Who would have thought that the humble sock could ever be a product of worldwide admiration and a tool for social change? Direct-to-consumer company, Bombas, has done exactly that with their socks. Founded in 2013, the apparel company produces socks and for every pair that is sold, the brand donates a pair to someone in need.
One day while scrolling through Facebook, Dave Heathon, co-founder of Bombas, was surprised to learn that socks are the number one most requested donation item in homeless shelters. Due to hygiene concerns, shelters usually don’t accept donations of second-hand socks for their residents. Determined to make a change, Heath and his friend, Randy Goldberg decided to create a company that would produce socks and undertook to donate a pair for each pair they sell. To date, Bombas has donated almost 30 million pairs to more than 2,500 community organizations.
The name Bombas comes from the Latin word for bumblebee. The company’s motto is “Bee better”.
Heath and Goldberg had to sell enough socks in order to donate the same number of socks and still be profitable. To achieve this goal, they had to come up with top-quality products that people would be prepared to pay a premium price for: An improved everyday sock for their customers and a specially developed sock for donation.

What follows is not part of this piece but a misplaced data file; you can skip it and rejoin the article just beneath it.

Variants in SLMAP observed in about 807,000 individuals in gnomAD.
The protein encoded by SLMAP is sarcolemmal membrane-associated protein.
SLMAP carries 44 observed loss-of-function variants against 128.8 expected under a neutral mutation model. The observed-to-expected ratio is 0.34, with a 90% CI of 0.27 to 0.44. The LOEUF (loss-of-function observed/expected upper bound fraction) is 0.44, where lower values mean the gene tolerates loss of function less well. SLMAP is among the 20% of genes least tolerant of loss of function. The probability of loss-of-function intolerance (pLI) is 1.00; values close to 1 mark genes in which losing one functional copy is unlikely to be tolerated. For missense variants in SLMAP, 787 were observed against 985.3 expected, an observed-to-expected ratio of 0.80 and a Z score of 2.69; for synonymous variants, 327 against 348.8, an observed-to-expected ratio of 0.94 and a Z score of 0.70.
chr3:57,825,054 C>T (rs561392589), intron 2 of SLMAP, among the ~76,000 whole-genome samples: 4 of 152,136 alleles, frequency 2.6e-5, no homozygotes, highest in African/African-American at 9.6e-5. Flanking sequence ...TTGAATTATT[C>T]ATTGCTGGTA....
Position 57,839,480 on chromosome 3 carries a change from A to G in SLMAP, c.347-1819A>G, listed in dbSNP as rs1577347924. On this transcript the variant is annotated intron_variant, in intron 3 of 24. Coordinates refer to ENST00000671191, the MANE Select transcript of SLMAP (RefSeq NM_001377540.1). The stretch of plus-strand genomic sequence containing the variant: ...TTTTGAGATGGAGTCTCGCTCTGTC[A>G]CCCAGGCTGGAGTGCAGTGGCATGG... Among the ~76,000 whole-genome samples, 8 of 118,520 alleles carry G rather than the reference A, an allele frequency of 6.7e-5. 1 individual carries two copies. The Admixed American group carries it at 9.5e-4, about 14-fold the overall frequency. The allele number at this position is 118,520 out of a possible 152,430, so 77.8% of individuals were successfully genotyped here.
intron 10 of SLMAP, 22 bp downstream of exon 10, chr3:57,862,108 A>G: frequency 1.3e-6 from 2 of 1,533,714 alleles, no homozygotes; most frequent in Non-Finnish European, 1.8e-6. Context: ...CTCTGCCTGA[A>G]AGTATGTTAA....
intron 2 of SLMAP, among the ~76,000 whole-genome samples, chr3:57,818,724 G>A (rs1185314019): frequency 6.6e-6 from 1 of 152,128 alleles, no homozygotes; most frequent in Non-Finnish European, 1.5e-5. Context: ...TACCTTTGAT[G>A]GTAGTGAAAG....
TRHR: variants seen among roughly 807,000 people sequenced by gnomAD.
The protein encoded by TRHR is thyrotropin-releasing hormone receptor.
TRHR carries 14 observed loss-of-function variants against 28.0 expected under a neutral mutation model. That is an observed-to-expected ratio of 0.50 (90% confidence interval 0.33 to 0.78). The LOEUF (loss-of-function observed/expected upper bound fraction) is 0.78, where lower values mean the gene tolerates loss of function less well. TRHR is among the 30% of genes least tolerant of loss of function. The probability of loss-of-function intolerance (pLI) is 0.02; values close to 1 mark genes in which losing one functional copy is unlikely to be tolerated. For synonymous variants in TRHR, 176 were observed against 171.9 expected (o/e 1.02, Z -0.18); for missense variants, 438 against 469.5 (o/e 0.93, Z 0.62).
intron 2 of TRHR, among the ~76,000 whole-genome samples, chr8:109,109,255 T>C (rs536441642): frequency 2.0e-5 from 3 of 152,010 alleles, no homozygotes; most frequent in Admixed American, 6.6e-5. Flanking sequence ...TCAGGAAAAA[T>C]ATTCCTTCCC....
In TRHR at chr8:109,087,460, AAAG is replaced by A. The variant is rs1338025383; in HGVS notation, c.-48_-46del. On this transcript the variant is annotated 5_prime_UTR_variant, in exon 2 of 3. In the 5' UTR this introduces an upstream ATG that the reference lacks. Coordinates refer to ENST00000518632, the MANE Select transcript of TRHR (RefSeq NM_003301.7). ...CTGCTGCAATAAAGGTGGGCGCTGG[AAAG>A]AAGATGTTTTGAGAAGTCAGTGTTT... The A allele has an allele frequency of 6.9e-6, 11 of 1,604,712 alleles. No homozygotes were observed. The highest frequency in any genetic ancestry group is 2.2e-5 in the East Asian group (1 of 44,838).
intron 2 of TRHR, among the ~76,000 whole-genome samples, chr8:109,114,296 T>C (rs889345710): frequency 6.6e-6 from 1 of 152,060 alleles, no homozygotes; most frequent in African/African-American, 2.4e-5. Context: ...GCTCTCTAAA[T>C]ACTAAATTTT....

Bombas socks are not cheap. The original ankle socks for women sell for $12 a pair. How did the company convince consumers to pay so much for a common clothing item? They technically improved the quality of the experience.
During two years of meticulous research, the pair went about asking people what they thought about their socks and learned that most people had complaints. They ended up making several improvements, including ankle socks that have blister tabs, calf socks that stay up and never sag down and no-shows that don’t creep away in your shoe. They eliminated annoying toe seams and incorporated extra arch support.
Just as much thought and care was put into the socks for donation. These socks had to be extra durable with reinforced seams. Darker colors were used to make wear and tear less noticeable, and antimicrobial treatment was added because homeless people don’t have the opportunity to wash their socks regularly.
Comparing the Bombas pricing to that of Starbucks, co-founder Goldberg explains that Starbucks improved the quality of the experience around coffee so much that people were prepared to pay three times more for their coffee than what they used to spend.
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Bombas, one of the 14 biggest D2C companies named by CB Insights, is part of the direct-to-consumer (D2C) boom that is long upon us. As venture capitalists shifted their investment focus to the e-commerce and D2C market, more than $1.5 billion was raised for startups like Bombas in 2018 alone, according to data from CB Insights.
Direct brands are also taking the market share from existing brands. While more than 12,000 stores were projected to close in 2018, digital channels continue to show growth.
Within six years of its beginning, Bombas has earned more than $100 million in revenue in 2018. One of the reasons for this explosive growth was leveraging social media platforms for advertising. Kate Huyett, chief marketing officer at Bombas explained that the Facebook ad platform has been crucial for the company’s growth. These kinds of platforms make it possible for brands to tell their stories to huge numbers of people.
In this case, the story is compelling: buy a comfortable pair of socks for yourself and give the same comfort to someone in need.